Hyperthyroidism in Women: Symptoms and Recommended Foods

June 25, 2019
Hyperthyroidism is women affects the metabolic system and is characterized by an abnormal production of thyroid hormones. Read more about it here!

Hyperthyroidism is a very common disease that affects the metabolic system and is characterized by an abnormal production of thyroid hormones. This can lead to a series of consequences that can be serious according to the alteration of our endocrine gland.

For women, the impact is greater due to the constant hormonal changes throughout their lifetime, an aspect that we should definitely keep in mind.

Discover: Home Remedy to Promote Thyroid Health with Honey and Nuts

Therefore, we would like to give you a little bit of information about this disease so that you’re aware of the symptoms and so that, if you already suffer from it, you know some simple diet tips that may help you out.

Hyperthyroidism symptoms in women

  • Neck swelling is probably the most obvious symptom.
  • Increase in appetite.
  • Hair loss.
  • Small mood swings.
  • Menstrual cycle changes: your periods are late or last longer.
  • Weak muscles.
  • Sleeping problems.
  • Diarrhea.
  • Trouble breathing.
  • Feeling more restless or hyper.
  • An exaggerated sensitivity to heat.
  • Possible infertility.
  • Hand shakiness.
  • Constant urge to urinate.
  • Sweating more than usual.
  • Tachycardia.

We should mention that it isn’t necessary to experience all of these symptoms to be diagnosed with hyperthyroidism. Each person is different and we all know our own body enough to know when something abnormal is happening. Just be aware.

Treating hyperthyroidism in women

Your doctor will be the person who diagnoses you after respective analyses. The most common exam is a simple blood test to analyze our TSH: thyroid stimulating hormone, which will tell you if you are in the first phase or if it is more advanced.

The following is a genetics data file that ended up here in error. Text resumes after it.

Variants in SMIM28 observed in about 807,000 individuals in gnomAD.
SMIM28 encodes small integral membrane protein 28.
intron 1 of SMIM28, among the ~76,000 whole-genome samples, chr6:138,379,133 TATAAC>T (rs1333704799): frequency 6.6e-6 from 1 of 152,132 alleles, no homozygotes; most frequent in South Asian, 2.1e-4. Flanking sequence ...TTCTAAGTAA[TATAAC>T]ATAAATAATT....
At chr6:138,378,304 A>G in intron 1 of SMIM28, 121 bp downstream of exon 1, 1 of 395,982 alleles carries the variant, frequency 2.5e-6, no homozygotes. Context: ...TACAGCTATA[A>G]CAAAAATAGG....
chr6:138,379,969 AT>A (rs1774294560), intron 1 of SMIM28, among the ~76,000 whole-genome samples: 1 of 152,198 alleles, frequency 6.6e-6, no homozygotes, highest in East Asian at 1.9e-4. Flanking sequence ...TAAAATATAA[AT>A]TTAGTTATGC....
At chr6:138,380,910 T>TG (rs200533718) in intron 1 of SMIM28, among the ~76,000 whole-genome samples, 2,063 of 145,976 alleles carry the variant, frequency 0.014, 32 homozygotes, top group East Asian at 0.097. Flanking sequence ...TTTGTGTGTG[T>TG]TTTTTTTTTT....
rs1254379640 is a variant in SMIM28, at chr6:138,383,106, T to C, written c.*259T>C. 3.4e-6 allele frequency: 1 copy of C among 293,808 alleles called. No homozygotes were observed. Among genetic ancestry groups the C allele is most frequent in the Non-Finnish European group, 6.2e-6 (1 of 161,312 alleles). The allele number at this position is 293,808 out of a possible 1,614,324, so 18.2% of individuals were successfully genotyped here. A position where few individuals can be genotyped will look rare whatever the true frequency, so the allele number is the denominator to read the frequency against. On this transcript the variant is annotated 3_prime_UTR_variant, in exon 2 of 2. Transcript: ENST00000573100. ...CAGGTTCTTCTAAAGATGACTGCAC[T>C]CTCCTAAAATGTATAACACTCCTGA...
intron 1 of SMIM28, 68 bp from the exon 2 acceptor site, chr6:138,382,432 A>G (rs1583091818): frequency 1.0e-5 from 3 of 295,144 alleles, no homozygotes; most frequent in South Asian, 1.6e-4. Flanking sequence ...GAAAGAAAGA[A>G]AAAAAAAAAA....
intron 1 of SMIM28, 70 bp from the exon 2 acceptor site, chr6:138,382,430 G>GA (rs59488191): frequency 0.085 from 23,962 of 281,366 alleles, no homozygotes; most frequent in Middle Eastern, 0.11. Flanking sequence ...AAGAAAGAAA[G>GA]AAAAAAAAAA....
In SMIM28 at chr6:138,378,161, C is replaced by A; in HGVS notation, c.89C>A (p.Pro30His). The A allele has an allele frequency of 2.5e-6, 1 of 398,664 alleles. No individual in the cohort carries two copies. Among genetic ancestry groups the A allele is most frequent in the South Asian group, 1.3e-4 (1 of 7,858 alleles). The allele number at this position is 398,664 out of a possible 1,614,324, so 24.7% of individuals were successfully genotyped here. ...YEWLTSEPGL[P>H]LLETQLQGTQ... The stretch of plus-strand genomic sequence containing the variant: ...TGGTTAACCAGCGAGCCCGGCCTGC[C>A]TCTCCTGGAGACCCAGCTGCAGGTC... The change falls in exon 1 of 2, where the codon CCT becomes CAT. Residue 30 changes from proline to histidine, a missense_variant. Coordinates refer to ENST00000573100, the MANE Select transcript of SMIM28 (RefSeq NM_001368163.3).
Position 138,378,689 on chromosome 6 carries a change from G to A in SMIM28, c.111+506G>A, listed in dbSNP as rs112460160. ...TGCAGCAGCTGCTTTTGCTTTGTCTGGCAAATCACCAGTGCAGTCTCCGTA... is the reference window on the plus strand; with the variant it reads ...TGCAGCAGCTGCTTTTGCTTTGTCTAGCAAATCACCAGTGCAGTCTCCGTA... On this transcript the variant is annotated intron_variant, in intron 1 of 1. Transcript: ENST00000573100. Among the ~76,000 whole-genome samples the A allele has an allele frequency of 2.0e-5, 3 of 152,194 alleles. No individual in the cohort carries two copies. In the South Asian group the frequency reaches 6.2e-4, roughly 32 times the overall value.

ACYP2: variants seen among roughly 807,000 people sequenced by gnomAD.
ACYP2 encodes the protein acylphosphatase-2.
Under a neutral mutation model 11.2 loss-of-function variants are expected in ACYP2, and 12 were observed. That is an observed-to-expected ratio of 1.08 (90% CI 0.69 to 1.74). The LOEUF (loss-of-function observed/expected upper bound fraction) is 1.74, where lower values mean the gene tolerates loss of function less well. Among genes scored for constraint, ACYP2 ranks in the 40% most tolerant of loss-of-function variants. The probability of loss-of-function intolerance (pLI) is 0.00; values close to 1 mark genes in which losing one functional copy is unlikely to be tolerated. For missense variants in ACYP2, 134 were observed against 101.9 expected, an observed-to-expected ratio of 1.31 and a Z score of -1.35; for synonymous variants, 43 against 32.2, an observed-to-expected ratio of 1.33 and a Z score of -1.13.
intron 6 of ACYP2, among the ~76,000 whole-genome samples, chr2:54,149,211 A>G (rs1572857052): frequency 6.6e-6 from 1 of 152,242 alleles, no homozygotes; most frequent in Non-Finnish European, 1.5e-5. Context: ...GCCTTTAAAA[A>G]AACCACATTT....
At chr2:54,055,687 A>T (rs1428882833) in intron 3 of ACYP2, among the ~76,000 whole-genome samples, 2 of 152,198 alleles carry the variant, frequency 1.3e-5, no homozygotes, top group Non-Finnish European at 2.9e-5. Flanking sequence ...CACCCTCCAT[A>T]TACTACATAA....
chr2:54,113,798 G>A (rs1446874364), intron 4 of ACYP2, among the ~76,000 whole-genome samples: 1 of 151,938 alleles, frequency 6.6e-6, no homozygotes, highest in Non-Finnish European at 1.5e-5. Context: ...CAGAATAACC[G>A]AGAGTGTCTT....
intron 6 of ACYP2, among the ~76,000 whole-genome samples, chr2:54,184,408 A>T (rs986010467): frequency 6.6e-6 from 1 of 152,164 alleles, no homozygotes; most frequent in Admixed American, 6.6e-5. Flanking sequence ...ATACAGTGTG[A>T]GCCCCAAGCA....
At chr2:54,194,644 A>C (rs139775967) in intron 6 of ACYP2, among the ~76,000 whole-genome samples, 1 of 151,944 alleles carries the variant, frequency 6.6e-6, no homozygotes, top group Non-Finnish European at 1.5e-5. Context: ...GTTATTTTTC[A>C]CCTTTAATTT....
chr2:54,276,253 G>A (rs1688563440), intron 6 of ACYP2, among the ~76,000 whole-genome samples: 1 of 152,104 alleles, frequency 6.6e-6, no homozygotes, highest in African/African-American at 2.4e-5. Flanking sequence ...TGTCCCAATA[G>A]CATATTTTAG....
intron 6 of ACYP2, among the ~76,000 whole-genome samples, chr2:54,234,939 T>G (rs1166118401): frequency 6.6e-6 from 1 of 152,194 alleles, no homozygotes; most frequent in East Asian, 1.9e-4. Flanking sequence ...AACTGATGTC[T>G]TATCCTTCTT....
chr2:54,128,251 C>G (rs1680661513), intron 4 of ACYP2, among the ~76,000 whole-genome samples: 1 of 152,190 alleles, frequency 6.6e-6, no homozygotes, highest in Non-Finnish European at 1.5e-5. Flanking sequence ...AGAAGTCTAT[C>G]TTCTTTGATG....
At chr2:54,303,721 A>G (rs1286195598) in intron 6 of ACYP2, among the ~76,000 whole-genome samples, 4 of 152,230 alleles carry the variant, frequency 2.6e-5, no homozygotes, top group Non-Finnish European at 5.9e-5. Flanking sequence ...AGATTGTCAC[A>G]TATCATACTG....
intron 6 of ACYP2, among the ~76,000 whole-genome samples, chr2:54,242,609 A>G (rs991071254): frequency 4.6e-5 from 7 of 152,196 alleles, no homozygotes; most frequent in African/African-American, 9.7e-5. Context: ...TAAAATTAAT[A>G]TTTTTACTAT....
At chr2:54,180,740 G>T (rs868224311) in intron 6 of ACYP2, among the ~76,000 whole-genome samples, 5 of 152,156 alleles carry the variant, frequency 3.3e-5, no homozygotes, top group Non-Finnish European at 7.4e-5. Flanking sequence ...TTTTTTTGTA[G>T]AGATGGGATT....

Medicine is very advanced and, aside from taking the proper drugs, there is the possibility of surgical intervention to solve your thyroid gland problem.

Ideal hyperthyroidism diet

According to various clinical and nutritional studies, there are various foods and plants that are very good for treating hyperthyroidism. The following is a list of them:

Vegetables from the cruciferous family

This food has a lot of chlorogenic and caffeic acid that make the absorption of iodine more difficult. Absorption of iodine is the triggering factor for hyperthyroidism disease. Where can you find these acids? In cabbage, radish, Brussels sprouts, cauliflowers, and broccoli, among others.

Thus, you should try to make plenty of salads with these vegetables and, most importantly, don’t forget to include radish, since many studies show that it regulates excessive production of the hormones that produce hyperthyroidism.

Legumes

According to nutritionists, in the case of hyperthyroidism, it’s essential to consume the following foods: lentils, garbanzo beans, and beans.

Recommended seeds and dried fruits

It’s beneficial to introduce peanuts, millet, flax, and pine nuts into your diet because they inhibit the production of thyroxine.

Fruit and raw foods

According to traditional Chinese medicine, raw foods are more refreshing and possess more nutrients. Thus, we recommend including raw peppers, carrot, spinach, beets, and cabbage in your diet.

Recommended plants for hyperthyroidism in women

Gypsywort (Lycopus europaeus) is ideal for inhibiting iodine’s action on the thyroid. You can consume it in infusions, but it’s also sold in herbalist stores in liquid form. 30 drops a day is the recommended amount.

Read more here: 5 Thyroid Treatments You Can Do at Home

Lemon balm: It’s much more effective combined with mint. You can have 3 cups a day.

Prohibited foods for hyperthyroidism in women

  • Seaweed and shellfish, since they have a lot of iodine.
  • Iodized salt.
  • Garlic, oats, cashews, almonds, pistachios.
  • Cinnamon, coffee, and all hot spices.
  • Imam, S. K. (2016). Hyperthyroidism. In Thyroid Disorders: Basic Science and Clinical Practice. https://doi.org/10.1007/978-3-319-25871-3_8
  • Bajaj, J. K., Salwan, P., & Salwan, S. (2016). Various possible toxicants involved in thyroid dysfunction: A review. Journal of Clinical and Diagnostic Research. https://doi.org/10.7860/JCDR/2016/15195.7092
  • Kumar, K. V. S. H., Sharma, R., & Bharti, S. (2014). Diet and thyroid – myths and facts. Journal of Medical Nutrition and Nutraceuticals. https://doi.org/10.4103/2278-019X.131954